Publications by authors named "Marc Coustans"

9 Publications

  • Page 1 of 1

Longitudinally Extensive Myelitis Associated With Immune Checkpoint Inhibitors.

Neurol Neuroimmunol Neuroinflamm 2021 May 26;8(3). Epub 2021 Feb 26.

From the Department of Brain and Behavioral Sciences (A.P., G.B.), University of Pavia, Italy; Regional Pharmacovigilance Center (K.B.), Department of Pharmacology, APHP; APHP (V.J., E.J.), Hôpital Saint-Antoine, Paris; CHI de Cornouaille (M.C.), Quimper; Service de Neurologie (C.C.), Hôpital Bicêtre, AP-HP, Le Kremlin-Bicetre; Hôpitaux Privés de Metz (J.P.), Metz; Gustave Roussy (P.B.), Université Paris-Saclay, Villejuif; Service de Dermatologie (N.K., B.G.), Cochin Hospital AP-HP, Paris; Centre Hospitalier Universitaire Lyon Sud (P.D.), Hospices Civils de Lyon, Pierre-Bénite; Hospices Civils de Lyon (F.D.), Hôpital Neurologique, Bron; Inserm (M.B.), CNRS, UMR S 1127, Institut du Cerveau et de la Moelle épinière (ICM), Paris; OncoNeuroTox Group (F.B.), Hôpital Percy, Clamart; Service de Neuroradiologie (D.L.), AP-HP Pitié-Salpêtrière, Paris; Département d'Innovation Thérapeutique et d'Essais Précoces (J.-M.M.), Gustave Roussy, Villejuif; Department of Diagnostic Radiology (S.A.), Gustave Roussy, Villejuif; and Service de Neurologie 2 (D.P.), Groupe Hospitalier Pitié-Salpêtrière, APHP, Paris, France.

Objective: To define the characteristics and the outcome of myelitis associated with immune checkpoint inhibitors (ICIs).

Methods: We performed a retrospective research in the databases of the French Pharmacovigilance Agency and the OncoNeuroTox network for patients who developed myelitis following treatment with ICIs (2011-2020). A systematic review of the literature was performed to identify similar cases.

Results: We identified 7 patients who developed myelitis after treatment with ICIs (anti-PD1 [n = 6], anti-PD1 + anti-CTLA4 [n = 1]). Neurologic symptoms included paraparesis (100%), sphincter dysfunction (86%), tactile/thermic sensory disturbances (71%), and proprioceptive ataxia (43%). At the peak of symptom severity, all patients were nonambulatory. MRI typically showed longitudinally extensive lesions, with patchy contrast enhancement. CSF invariably showed inflammatory findings. Five patients (71%) had clinical and/or paraclinical evidence of concomitant cerebral, meningeal, caudal roots, and/or peripheral nerve involvement. Despite the prompt discontinuation of ICIs and administration of high-dose glucocorticoids (n = 7), most patients needed second-line immune therapies (n = 5) because of poor recovery or early relapses. At last follow-up, only 3 patients had regained an ambulatory status (43%). Literature review identified 13 previously reported cases, showing similar clinical and paraclinical features. All patients discontinued ICIs and received high-dose glucocorticoids, with the addition of other immune therapies in 8. Clinical improvement was reported for 10 patients.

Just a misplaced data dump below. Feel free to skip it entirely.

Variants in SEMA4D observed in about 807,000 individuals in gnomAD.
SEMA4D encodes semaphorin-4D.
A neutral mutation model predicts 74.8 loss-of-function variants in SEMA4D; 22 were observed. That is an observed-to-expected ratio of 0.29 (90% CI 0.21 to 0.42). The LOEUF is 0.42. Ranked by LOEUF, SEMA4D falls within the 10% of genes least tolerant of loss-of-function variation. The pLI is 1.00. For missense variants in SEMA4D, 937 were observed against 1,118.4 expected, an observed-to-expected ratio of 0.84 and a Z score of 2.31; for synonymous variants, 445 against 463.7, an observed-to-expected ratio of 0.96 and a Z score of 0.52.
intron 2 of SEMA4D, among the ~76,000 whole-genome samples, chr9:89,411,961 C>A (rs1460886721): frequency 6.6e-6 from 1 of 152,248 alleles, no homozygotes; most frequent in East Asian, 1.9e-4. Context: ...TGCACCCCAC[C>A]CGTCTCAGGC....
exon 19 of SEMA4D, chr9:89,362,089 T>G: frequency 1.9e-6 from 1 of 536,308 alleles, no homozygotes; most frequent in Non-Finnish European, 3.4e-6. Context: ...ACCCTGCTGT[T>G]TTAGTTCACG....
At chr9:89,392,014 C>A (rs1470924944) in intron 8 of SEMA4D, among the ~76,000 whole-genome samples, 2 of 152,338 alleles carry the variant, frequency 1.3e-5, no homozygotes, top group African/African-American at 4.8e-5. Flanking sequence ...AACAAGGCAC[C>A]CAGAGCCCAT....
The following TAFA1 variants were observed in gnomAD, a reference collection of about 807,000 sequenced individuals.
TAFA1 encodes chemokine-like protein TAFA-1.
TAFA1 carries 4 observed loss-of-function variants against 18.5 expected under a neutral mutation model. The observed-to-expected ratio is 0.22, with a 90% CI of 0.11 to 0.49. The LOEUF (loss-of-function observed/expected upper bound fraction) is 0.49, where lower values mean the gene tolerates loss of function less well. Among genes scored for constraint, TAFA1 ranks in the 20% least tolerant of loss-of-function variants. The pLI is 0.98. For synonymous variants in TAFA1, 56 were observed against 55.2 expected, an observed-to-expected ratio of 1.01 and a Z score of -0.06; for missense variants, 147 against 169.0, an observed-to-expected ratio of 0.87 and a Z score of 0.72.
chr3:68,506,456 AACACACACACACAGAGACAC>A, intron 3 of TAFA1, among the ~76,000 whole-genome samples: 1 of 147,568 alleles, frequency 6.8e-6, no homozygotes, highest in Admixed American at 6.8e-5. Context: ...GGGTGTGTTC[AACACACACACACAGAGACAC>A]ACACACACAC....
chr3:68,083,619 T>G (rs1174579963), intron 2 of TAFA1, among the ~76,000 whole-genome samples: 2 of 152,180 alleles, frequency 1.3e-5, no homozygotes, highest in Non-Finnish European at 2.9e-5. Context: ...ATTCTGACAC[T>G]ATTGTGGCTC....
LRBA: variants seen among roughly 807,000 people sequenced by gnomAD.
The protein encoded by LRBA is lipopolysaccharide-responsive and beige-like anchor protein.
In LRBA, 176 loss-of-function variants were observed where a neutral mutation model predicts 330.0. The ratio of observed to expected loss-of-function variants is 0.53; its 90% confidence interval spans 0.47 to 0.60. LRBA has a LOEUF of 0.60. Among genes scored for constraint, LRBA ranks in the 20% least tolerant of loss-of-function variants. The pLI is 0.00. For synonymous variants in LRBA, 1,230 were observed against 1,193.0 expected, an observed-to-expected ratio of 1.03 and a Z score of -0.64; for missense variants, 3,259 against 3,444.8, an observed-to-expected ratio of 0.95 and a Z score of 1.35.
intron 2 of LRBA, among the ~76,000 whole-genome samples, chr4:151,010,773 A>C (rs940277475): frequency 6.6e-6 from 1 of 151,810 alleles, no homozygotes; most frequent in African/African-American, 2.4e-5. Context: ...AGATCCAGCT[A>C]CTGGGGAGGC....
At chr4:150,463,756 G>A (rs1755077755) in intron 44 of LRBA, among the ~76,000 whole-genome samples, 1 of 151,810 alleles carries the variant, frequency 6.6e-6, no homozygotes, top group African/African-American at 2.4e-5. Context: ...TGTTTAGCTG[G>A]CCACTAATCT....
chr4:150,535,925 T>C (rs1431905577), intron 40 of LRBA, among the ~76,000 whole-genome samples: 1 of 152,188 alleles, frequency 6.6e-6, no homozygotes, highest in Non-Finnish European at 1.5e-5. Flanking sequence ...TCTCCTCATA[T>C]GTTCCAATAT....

Conclusion: Myelitis is a rare but severe complication of ICIs that shows limited response to glucocorticoids. Considering the poor functional outcome associated with longitudinally extensive myelitis, strong and protracted immune therapy combinations are probably needed upfront to improve patient outcome and prevent early relapses.
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http://dx.doi.org/10.1212/NXI.0000000000000967DOI Listing
May 2021

Clinical Characteristics and Outcomes in Patients With Coronavirus Disease 2019 and Multiple Sclerosis.

JAMA Neurol 2020 09;77(9):1079-1088

Service de Neurologie, Clinical Investigation Center Institut National de la Santé et de la Recherche Médicale 1434, Centre Hospitalier Universitaire de Strasbourg, Strasbourg, France.

Importance: Risk factors associated with the severity of coronavirus disease 2019 (COVID-19) in patients with multiple sclerosis (MS) are unknown. Disease-modifying therapies (DMTs) may modify the risk of developing a severe COVID-19 infection, beside identified risk factors such as age and comorbidities.

Objective: To describe the clinical characteristics and outcomes in patients with MS and COVID-19 and identify factors associated with COVID-19 severity.

Design, Setting, And Participants: The Covisep registry is a multicenter, retrospective, observational cohort study conducted in MS expert centers and general hospitals and with neurologists collaborating with MS expert centers and members of the Société Francophone de la Sclérose en Plaques. The study included patients with MS presenting with a confirmed or highly suspected diagnosis of COVID-19 between March 1, 2020, and May 21, 2020.